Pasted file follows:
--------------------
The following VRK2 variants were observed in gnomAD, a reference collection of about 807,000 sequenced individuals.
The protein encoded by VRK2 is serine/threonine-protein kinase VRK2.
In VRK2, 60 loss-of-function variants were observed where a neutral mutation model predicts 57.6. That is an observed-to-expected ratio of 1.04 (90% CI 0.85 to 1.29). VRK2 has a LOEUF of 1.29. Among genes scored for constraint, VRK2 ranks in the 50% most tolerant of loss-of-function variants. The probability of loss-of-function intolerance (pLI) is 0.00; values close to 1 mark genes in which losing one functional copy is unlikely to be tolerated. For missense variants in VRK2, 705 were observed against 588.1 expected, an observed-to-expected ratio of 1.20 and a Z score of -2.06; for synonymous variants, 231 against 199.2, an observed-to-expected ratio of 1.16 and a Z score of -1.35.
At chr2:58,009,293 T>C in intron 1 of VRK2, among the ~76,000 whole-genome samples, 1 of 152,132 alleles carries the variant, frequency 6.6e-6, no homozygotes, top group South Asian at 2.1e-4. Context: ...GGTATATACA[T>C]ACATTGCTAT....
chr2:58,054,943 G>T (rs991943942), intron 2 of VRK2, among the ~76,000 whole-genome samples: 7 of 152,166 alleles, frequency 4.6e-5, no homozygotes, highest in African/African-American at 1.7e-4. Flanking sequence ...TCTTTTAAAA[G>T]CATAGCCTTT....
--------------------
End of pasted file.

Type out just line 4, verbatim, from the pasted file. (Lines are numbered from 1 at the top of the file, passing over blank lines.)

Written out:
At chr2:58,009,293 T>C in intron 1 of VRK2, among the ~76,000 whole-genome samples, 1 of 152,132 alleles carries the variant, frequency 6.6e-6, no homozygotes, top group South Asian at 2.1e-4. Context: ...GGTATATACA[T>C]ACATTGCTAT....